Vaareng and Arilash
At the time (and now), we were accepting any dragon who wanted to live here. Bachelors of no particular interest or skills, like Vaareng, were granted a modest allowance, told not to kill any of the natives, and left to find something useful or amusing to do. This is Official Hoven Policy. Not because we think it’s a particularly good policy. It is because, first, we can’t think of anything better to do. And, just as first, there are about two or three dozen of us who have the awful suspicion that we have some responsibility to take charge of the immigrants, somehow, and that’s not nearly enough to take charge of two gross of them. (Ythac once had a policy of having them pay attention to each other. This was instantly misinterpreted as a policy that all newcomer bachelors needed to be in urning couples, and if they didn’t have a husband, they would be assigned one. Which was never even vaguely true, but we gave up on that plan.)
I didn’t even meet Vaareng until quite late. He petitioned Ythac to be allowed to immigrate to Hove: perhaps because he didn’t want to see a dragoness, or perhaps because he arrived during one of Ythac’s weeks on duty rather than one of mine. Ythac barely remembers him, save as a large orange-and-black drake with an intricate pattern of scales, scowling barbels, a spiky ridge, and, most notably, a half-regrown tailtip with a great many healing spells on it. He reports that Vaareng may have had a personality too, but didn’t care to show it.
The first I heard of Vaareng was from Arilash. Arilash has generally been keeping her lovers secret of late, after certain of them got into trouble. (All of my lovers, including my husband, are also her lovers. They deserve some fun for putting up with me. And it is hideously improper for a married dragoness to take lovers, especially ones she doesn’t want, and I am going to stop as soon as my doctor says that it’s no longer necessary. Except my husband.)
But Arilash has never been shy about talking about her non-lovers.
We were en route to the Merbh-Mvo-Merbh mountains. (If you must know, Nrararn and I were trying to see what sort of a territory they would be. Arilash enjoys mountains, especially ones without small people.)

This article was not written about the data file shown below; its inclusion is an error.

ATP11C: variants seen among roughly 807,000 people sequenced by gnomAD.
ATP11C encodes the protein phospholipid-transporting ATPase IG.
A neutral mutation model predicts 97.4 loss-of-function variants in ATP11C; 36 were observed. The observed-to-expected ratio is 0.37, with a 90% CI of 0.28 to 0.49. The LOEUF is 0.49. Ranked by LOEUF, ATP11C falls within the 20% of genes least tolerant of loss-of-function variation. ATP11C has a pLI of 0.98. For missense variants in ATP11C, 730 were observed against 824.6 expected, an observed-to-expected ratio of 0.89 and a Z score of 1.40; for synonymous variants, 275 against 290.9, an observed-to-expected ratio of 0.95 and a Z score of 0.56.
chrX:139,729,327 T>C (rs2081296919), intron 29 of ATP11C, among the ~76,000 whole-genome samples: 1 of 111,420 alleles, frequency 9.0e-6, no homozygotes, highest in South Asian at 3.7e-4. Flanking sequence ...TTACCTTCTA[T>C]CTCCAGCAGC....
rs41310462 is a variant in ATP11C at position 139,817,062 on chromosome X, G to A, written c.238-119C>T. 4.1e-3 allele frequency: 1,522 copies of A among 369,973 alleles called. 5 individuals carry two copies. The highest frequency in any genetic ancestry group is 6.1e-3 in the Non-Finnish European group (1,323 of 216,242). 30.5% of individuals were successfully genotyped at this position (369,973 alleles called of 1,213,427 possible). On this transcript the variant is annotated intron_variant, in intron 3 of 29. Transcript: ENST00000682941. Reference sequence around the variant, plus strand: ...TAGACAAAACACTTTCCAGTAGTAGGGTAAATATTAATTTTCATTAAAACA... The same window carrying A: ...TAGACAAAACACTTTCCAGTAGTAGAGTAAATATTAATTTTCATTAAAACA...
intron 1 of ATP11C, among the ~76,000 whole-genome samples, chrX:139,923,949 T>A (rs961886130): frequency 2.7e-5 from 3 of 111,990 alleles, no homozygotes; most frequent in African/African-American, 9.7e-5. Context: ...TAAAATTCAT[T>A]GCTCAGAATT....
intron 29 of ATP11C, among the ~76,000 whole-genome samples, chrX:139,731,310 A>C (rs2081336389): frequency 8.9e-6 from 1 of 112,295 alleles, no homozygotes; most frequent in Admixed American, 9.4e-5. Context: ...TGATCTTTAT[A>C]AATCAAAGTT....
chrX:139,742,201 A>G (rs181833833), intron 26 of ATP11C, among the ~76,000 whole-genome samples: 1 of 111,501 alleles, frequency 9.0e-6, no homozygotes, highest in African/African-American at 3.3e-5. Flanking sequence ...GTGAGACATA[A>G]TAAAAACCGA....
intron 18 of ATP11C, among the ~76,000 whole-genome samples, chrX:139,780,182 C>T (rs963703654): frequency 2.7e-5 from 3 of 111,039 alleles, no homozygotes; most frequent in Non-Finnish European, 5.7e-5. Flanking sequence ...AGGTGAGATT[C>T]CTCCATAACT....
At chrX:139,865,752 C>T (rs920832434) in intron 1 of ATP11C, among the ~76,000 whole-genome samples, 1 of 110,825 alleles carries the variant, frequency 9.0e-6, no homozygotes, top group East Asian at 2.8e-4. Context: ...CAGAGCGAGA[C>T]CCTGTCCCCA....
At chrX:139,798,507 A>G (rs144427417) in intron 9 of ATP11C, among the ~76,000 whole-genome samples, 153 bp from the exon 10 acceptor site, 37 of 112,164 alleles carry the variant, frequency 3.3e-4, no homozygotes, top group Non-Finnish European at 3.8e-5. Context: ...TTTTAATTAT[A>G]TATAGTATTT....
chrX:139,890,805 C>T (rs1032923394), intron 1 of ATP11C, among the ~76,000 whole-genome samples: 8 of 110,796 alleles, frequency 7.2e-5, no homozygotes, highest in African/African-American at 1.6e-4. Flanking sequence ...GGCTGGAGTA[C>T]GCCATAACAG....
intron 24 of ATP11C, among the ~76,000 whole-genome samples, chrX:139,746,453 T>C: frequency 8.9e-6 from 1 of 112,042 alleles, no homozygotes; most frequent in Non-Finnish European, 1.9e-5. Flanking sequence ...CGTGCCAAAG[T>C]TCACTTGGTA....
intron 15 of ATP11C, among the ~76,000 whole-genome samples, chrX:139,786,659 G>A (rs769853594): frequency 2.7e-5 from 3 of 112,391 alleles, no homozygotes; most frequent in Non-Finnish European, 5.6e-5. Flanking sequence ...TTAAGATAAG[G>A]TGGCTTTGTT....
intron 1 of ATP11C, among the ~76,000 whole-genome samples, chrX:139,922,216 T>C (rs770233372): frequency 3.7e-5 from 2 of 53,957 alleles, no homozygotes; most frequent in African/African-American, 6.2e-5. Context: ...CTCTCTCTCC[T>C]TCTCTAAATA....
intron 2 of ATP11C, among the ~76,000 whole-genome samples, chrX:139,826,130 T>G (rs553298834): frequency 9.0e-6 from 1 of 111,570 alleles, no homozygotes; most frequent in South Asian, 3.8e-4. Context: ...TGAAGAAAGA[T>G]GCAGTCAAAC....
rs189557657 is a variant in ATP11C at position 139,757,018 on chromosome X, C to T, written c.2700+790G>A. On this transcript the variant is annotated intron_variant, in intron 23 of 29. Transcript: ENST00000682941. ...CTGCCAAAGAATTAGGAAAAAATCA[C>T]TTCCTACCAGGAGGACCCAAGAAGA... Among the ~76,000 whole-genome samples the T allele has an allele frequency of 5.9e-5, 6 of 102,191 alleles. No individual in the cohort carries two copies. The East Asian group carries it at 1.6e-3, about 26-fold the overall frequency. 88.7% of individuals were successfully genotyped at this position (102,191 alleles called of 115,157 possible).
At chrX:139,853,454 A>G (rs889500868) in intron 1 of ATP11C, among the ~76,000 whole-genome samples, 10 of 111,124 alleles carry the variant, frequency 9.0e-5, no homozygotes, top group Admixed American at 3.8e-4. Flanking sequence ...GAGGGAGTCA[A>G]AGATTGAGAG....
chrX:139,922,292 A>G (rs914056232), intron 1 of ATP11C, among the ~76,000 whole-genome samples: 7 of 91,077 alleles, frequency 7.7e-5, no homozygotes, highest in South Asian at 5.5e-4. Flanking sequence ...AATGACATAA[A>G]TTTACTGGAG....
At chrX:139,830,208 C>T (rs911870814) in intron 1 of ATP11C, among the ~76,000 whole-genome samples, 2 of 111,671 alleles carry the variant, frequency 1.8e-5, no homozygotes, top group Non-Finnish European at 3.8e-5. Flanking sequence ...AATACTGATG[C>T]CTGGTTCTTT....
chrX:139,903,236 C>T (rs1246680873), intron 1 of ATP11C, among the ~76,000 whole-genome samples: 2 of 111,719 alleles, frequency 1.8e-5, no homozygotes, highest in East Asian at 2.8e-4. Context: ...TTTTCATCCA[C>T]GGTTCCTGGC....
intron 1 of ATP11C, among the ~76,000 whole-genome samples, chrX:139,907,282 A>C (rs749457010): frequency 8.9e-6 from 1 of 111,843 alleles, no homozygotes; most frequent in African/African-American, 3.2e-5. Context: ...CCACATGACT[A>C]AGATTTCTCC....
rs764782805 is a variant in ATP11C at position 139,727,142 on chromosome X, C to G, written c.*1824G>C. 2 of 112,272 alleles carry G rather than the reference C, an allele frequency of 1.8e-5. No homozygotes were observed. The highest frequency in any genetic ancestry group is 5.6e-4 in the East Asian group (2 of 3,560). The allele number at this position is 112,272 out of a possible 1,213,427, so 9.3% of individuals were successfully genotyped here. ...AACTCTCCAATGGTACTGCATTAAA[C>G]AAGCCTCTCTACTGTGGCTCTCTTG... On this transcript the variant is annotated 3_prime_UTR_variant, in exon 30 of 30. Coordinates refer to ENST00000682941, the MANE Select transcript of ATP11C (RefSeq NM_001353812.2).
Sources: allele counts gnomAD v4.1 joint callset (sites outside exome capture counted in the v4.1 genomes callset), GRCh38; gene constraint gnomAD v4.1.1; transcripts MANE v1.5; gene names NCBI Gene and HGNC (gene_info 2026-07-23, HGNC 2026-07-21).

“Have I been blazing my name and a schedule of fees into mountainsides and cliff-faces?” asked Arilash. “Or has your pet whore been giving me referrals?” (Tarcuna has had a complex and not wholly respectable history. I don’t know which is worse: her time in the sex trade, or her time with me.)
“You would know better than I about the former. Though if you have gone into trade and been advertising, you have doing it quite poorly, since I have not seen a single announcement,” said Nrararn. “And Tarcuna has retired; she is devoting herself to shoving me aside and winning Jyothky’s heart and genitalia. Which, I suppose, makes her more rather than less likely to send elsewhere whatever clients she has. Have you been being pestered by lust-crazed and overly-wealthy female hovens?”
“If a lust-crazed female hoven shows up at my cave, I will either eat her or eat her, perhaps both,” said Arilash. “I won’t say that I’ll never play with a hoven again, for I no longer make categorical denials of what might at some time appeal to that ever-hungry and variety-loving monster that is my genital region. But lately I have been a classicist: all dragons, and mostly drakes. Jyothky, stop blushing, for spreading your ears so wide ruins the airflow around your head. No, I am complaining about a drake named Vaareng.”
“I don’t know the gentlelizard,” I said, trying to get my ears under control.
“You’re not missing much! He showed up at my cave the other month in the middle of the day, hooting ‘Arilash, O Arilash, are you present? I come to you bearing sapphires, the fine sapphires of Mhel!’ Well, I wasn’t particularly busy at the time. I know everyone thinks I’ve got a constant stream of lovers, but I’m alone far more often than not. Anyhow, I call out ‘Who are you, and why are you talking about sapphires?’
“He answers, ‘I am Vaareng, a mighty drake from Mhel, victorious in many battles and mighty in matters of twining!’ So I stick my head out of my cave and there’s this big orange and black drake, standing on his hind legs so he can show me the tips of all three hemipenises.”
“Now, I like hemipenises as much as the next dragoness — actually a great deal more, since the next dragoness seems to be Jyothky — but getting confronted with three of them attached to a stranger isn’t really the best introduction. I said something along the lines of ‘Sit down and explain yourself’. Which wasn’t terribly witty, but I was actually a bit scared. He was a fair bit bigger than me, he was talking about his battles, and I was cornered in my cave and with only ragged old defensive magics on. I don’t usually need any defenses to speak of: I haven’t fought a duel since that one with Jyothky four years ago.”
“What was that about?” asked Nrararn. “Over me, I hope!”
“Over whether we’d eat the liver raw, like Arilash wanted, or grill it with hot spices and zangrel wine, like I wanted. She won. I was fighting badly ‘cause I was hungry,” I said. Which is to say that even a near-pacifist like Arilash needs to fight at times, the way a cat needs to hunt, or a hoven needs company.